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Thread: For anyone out there who doesn't believe Timber is a bad idea

  1. #1
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    For anyone out there who doesn't believe Timber is a bad idea

    For those of you who may not know what Ancestry's algorithm "Timber" is, it's designed to remove what Ancestry views as "excessive matching". This is matching caused by not by close recent relatedness but by more distant relatedness common in the population. Common enough, presumably, to increase the chance of numerous smaller segments being so located that they give the appearance of a single larger segment.

    The trouble is, even if Timber does the removing that it's supposed to do, it also does a lot that it shouldn't. Timber eliminates a great deal of real -- and recent -- shared DNA.

    One thing that permits me to see Timber at work -- or, so I believe -- is the fact that my daughter and my wife have also tested at Ancestry, so Ancestry conveniently labels which side one of Kathryn's relatives is on. And, the fact is, 100% of her relatives have to be on one side or the other if they really are her relatives. (They could also be on both sides, but not on neither side.)

    So in going through her matches, I can see that most of them are labeled as to side, but not all. And this is not just true for distant matches, but even some matches in the 4th cousin range are not identified as to side. So far nearly all of them seem to be on my side.

    For example, my daughter has a match with whom she shares 34 cM across 3 segments. This is not a trivial amount. But neither of her parents is included among the shared matches! However, the first two shared matches are the daughters of two of my sisters. The third and fourth shared matches are one of my 1st cousins on my father's side, and one of my 1st cousins once removed on this same side.
    In fact, in total my daughter has thirteen shared matches with this relative of hers who somehow isn't on either parent's side, and all but the last four are clearly identified as being on "Father's side".

    I took a look at that "final four", and every one of them has shared matches who are on my side. (And I believe only on my side.) Yet I myself am not listed as a shared match for any of them. Clearly, I should be, but I'm not.

    While there might be reasons other than Timber that I'm not listed as a shared match to these people, I believe that Timber's suppression of some of my matching is likely the main reason that I'm not. You might ask why Timber isn't also suppressing my daughter's matching, but keep in mind that everyone's DNA consists of two strands. My wife and I are not related at all, so far as I know; and we don't even (so far) seem to have any relatives who are shared by both of us. If we do, they aren't close.

    My parents are also not related to each other, but in my case I definitely have a few matches at Ancestry who share matches with me on each side. That is, they share some matches who are definitely on my father's side, and some matches who are definitely on my mother's side.

    In addition, on my mother's side I have some ancestors who were fairly closely related to their spouses -- the closest being a pair of 1st cousins once removed, but with a couple of 2nd cousins as well. Plus, some of my ancestors on this side came from populations in which endogamy was pretty common -- maybe even typical.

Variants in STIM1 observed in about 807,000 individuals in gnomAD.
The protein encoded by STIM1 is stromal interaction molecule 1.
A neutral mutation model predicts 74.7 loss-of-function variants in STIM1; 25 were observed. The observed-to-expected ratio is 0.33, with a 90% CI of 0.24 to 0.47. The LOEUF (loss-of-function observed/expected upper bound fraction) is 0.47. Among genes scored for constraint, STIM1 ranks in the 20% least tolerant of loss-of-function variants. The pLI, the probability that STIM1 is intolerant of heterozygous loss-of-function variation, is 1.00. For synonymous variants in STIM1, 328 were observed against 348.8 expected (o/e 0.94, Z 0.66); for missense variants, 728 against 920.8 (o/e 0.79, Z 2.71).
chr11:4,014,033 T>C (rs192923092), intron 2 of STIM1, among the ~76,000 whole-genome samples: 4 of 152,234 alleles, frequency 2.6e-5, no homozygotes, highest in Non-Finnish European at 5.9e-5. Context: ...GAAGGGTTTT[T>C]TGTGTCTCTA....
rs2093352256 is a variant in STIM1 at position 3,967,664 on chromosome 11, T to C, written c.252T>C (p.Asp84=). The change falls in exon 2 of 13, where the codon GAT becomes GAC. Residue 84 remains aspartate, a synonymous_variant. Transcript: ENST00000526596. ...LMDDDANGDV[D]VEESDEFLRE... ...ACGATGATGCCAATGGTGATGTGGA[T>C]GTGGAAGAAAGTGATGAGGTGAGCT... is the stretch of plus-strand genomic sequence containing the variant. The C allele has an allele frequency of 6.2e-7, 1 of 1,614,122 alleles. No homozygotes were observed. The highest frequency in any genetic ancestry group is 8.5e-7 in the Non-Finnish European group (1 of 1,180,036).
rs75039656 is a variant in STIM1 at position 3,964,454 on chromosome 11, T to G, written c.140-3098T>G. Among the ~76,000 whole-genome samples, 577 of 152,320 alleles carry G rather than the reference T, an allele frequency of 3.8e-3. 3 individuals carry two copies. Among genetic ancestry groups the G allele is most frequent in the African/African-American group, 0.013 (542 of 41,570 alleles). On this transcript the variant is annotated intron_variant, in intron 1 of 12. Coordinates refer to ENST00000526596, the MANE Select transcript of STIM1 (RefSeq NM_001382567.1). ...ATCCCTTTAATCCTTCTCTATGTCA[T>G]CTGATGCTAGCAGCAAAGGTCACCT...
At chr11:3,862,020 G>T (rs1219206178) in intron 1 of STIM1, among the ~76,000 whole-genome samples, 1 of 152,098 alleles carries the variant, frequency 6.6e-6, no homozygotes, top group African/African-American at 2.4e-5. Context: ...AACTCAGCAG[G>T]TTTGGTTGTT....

What I'm suggesting is that because of my "opposite parent" (my mother, in this case), I think Timber may have eliminating some matching that was real -- all the matching I had with the particular individuals showing up for my daughter but not for me, and yet clearly on my side.

    There may be another explanation, but these certainly seem like genuine matches for my daughter, and I can't think of a reason why they wouldn't also be genuine matches for me. (They clearly are not on my daughter's mother's side.)

    EDIT:

    There's also an "easy" fix if Ancestry still thinks Timber is important in eliminating "excess matching". Show the matches, but flag them in some way as "possibly unreliable" and then explain why. Customers would then be able to evaluate these matches.

    But if they simply suppress the matches, so you never see them, how would you ever be able to judge for yourself whether they're "real"?
    Last edited by geebee; 07-19-2019 at 04:52 PM.
    Besides British-German-Catalan, ancestry includes smaller amounts of French, Irish, Swiss, Choctaw & another NA tribe, possibly Catawba. Avatar picture is: my father, his father, & his father's father; baby is my eldest brother.

    GB

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  3. #2
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    I've mentioned this before, but I have a y-dna line 5th cousin 1x removed who squeaks in at Ancestry as a 9 cM/1 segment match but who shows up on FTDNA's Family Finder at 31 cMs with a longest segment of 16 cMs. I know he's my 5th cousin 1x removed because he is a 110/111 y-dna str match, a Big Y SNP match, and because of paper trail genealogy.

    He also shares matches with me to a bunch of my y-line relatives, including my dad, my youngest son, and my youngest daughter.

    I thank God he showed up as a match on Ancestry, because that's how I found and recruited him for further testing. But the thought that he might have been missed because of Timber bothers me.